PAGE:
“How nice,” James muttered, weak and winded. “Thought a concrete floor was going to be it for me…”

Benson scoffed as he and his assistants took their leave. “Don’t push your luck, Siles.”

The door closed behind them, leaving James alone. He sat still for several long moments, then found a sweatshirt in the pile of fabric and pulled it on. The fibers scratched against his tender skin, but James was so cold. Nothing helped it.

Carefully, agonizingly, he planted his feet apart and very slowly stood up, his attention on the acrylic mirror mounted above the sink. He was extremely dizzy and sick to his stomach, but he managed to shuffle across the room. Now that he’d been awake for more than a few minutes, he had begun to feel desperately thirsty.

He managed to make it to the opposite wall, but he was afraid to look in the mirror. He instead focused on the faucet, insulating his hand with the sleeve of the sweatshirt before pulling the lever. The action sent deep, groaning pain stitching up his hand and arm. He cupped his stiff, fragile hands under the modest water stream and endured the pain in his back enough to bend over and bring the water to his lips. It cooled his dry throat like liquid hope. And for just a moment, he felt relief.

He lifted his gaze to the small mirror above the sink, and that relief gave way to blank despair as he saw his reflection. The black stood out starkly against his pale skin. A curling stripe of it claimed the left side of his face, webbed and veiny at the edges as it ran over his cheek, down the side of his throat and under the collar of the sweatshirt. The ebony skin was smooth and cool to the touch, and everything else was swollen and tender, with burst blood vessels that were more black than red.

Patches of his brown hair had been burnt off at odd angles. Anywhere the fire had contacted, he supposed. His left eyebrow and the eyelashes had met the same fate, everything above the black stripe burnt clean.

Upon closer inspection, he realized his hazel irises had turned gold, reminiscent of the color of the Q-13 before it had entered his veins. As if he had become a manifestation of the substance itself. 

He took hold of both sides of the sink, his face going cold and a sudden high pitched ringing in his ears. He heard his breath rushing muffled and strained in his head. He tried to sit down on the floor, his joints cracking and protesting, sending sharp barbs of pain through his muscles.

He lost his bearings and sat down hard, his shoulders hitting the concrete panels of the wall. A shiver of needles radiated from the contact point, then heavy pain like the grinding of cinder blocks between his bones bloomed icy and overwhelming in his torso. His chest and arms seized up and he collapsed into fetal position, a snarl of utter agony pulling from his throat.

After several eternal moments, the sensation began to fade, and James lay panting on the floor, the sound of water running in the sink keeping him dimly tethered to consciousness. Behind its obnoxious spluttering, a voice filtered into his cell from above.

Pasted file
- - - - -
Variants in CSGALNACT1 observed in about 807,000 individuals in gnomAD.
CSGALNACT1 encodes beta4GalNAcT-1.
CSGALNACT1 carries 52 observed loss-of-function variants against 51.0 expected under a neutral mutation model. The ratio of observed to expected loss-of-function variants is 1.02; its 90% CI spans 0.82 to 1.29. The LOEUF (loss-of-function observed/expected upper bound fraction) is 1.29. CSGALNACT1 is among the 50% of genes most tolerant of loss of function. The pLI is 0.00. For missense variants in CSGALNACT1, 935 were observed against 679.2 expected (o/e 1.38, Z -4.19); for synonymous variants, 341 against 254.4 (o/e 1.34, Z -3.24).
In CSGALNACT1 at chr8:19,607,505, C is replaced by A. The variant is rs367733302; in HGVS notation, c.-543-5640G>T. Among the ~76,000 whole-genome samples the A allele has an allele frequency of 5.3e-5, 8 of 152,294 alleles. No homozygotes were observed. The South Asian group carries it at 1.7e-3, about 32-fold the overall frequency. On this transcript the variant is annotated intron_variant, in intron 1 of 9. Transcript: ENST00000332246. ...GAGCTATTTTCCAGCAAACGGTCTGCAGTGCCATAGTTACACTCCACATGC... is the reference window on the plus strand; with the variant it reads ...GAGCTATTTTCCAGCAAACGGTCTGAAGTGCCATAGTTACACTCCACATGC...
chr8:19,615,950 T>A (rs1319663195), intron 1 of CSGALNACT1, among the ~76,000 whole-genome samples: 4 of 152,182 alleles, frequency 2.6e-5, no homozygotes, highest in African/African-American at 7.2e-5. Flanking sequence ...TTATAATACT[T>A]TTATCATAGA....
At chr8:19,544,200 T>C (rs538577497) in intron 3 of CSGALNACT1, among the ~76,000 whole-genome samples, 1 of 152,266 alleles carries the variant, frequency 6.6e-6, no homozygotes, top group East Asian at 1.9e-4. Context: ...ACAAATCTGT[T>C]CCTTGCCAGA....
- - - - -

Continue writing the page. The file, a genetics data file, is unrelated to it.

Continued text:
“Hello?” it said. “Anyone alive in there?”

James opened his eyes. The prisoner cells were encased in concrete, but at the top of the walls dividing them spread a narrow span of empty space covered in a mesh of metal.

He realized the voice had to be Davenport’s. Everything was hazy.

“I think so…” he said, wincing from the exertion.

“Who are you?” Davenport asked.

Very slowly, he forced himself to sit up, and leaned against the wall. His throat tightened, and tears welled up in his eyes. He exhaled, trying to get ahold of himself. 

“Please tell me your name,” Davenport said. “I know you must be scared, and unsure of what’s happening to you. But you’re not alone. I’m Erika.”

If he acted like he knew her in any personal capacity, Benson would suspect she had somehow been a part of the escape attempt. He refused to bring consequences on her, when she had made such a hard decision to avoid that in the first place.

“My name is James,” he said finally.

An extremely long silence answered him.

He carefully drew his knees to his chest. Bowing his forehead on them, he crossed his aching arms over his stomach.

Finally, she said, “Yeun’s lab partner?”

“Yes, but not anymore,” James said. 

“What happened?”

“I tried to get my test subject out, but we got caught,” James said, hoarsely. “Benson injected me with his pet project.” His voice wavered. “I don’t think I was supposed to survive it. I don’t know if I have yet.”

Another long silence ensued, as she grappled with what both of them knew they could not say where someone could hear them. “I’m sorry.”

“Me too,” James said. He didn’t know if his survival was a second chance, or just a slow death. He wanted to hope the former, but it was only a matter of time before Benson wanted to see if his serum worked. 

In the silence, he debated asking Erika to take care of Heather after he was gone.